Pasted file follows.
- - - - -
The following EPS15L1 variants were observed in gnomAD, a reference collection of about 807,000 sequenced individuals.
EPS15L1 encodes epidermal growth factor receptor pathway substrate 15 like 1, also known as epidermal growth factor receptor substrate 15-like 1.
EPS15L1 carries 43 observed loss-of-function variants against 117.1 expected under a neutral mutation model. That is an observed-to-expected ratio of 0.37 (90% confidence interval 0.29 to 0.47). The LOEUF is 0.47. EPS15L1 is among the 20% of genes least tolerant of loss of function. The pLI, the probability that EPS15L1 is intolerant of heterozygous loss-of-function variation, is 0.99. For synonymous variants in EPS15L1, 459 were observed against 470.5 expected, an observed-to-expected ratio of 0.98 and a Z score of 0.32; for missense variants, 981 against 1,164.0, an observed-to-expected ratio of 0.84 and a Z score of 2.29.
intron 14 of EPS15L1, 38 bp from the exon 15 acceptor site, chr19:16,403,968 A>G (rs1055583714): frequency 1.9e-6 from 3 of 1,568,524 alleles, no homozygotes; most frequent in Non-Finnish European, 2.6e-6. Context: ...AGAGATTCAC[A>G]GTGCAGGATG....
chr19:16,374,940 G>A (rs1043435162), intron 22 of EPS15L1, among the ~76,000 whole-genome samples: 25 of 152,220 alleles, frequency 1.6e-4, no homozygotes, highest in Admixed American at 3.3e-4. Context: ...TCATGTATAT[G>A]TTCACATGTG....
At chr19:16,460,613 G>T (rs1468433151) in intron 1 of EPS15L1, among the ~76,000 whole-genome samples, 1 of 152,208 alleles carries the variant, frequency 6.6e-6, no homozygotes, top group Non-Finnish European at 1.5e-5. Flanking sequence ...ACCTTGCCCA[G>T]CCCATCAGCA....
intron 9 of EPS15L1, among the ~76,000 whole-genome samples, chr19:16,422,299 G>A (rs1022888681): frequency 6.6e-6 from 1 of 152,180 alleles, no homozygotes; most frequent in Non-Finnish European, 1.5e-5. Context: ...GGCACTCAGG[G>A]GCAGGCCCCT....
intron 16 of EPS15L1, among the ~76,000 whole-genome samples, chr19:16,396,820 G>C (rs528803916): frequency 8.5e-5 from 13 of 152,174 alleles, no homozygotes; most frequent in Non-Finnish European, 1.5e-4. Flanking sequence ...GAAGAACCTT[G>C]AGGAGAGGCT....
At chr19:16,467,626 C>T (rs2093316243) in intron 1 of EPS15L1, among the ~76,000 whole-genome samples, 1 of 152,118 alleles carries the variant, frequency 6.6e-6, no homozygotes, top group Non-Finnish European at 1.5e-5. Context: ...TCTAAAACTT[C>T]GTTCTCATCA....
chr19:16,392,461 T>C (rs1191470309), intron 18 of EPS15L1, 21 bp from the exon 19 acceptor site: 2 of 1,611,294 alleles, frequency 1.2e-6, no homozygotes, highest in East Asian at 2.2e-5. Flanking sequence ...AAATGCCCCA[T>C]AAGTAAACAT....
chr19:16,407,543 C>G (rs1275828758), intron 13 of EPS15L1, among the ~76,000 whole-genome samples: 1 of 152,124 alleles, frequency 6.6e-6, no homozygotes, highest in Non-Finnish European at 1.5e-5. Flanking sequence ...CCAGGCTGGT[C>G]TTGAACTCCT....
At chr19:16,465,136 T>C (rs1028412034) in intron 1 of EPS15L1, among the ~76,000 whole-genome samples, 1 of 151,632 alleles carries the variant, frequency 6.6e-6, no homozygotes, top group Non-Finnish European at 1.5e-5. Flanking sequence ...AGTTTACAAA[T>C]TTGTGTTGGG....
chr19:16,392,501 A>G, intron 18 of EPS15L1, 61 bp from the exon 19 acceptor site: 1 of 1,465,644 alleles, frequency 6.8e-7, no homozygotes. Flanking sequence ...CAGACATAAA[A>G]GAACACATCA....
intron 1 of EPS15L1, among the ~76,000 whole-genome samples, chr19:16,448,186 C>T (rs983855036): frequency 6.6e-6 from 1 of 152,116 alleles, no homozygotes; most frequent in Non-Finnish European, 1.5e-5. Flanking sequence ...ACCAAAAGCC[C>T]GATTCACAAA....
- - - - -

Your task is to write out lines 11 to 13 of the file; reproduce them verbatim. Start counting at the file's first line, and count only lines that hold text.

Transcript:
chr19:16,407,543 C>G (rs1275828758), intron 13 of EPS15L1, among the ~76,000 whole-genome samples: 1 of 152,124 alleles, frequency 6.6e-6, no homozygotes, highest in Non-Finnish European at 1.5e-5. Flanking sequence ...CCAGGCTGGT[C>G]TTGAACTCCT....
At chr19:16,465,136 T>C (rs1028412034) in intron 1 of EPS15L1, among the ~76,000 whole-genome samples, 1 of 151,632 alleles carries the variant, frequency 6.6e-6, no homozygotes, top group Non-Finnish European at 1.5e-5. Flanking sequence ...AGTTTACAAA[T>C]TTGTGTTGGG....
chr19:16,392,501 A>G, intron 18 of EPS15L1, 61 bp from the exon 19 acceptor site: 1 of 1,465,644 alleles, frequency 6.8e-7, no homozygotes. Flanking sequence ...CAGACATAAA[A>G]GAACACATCA....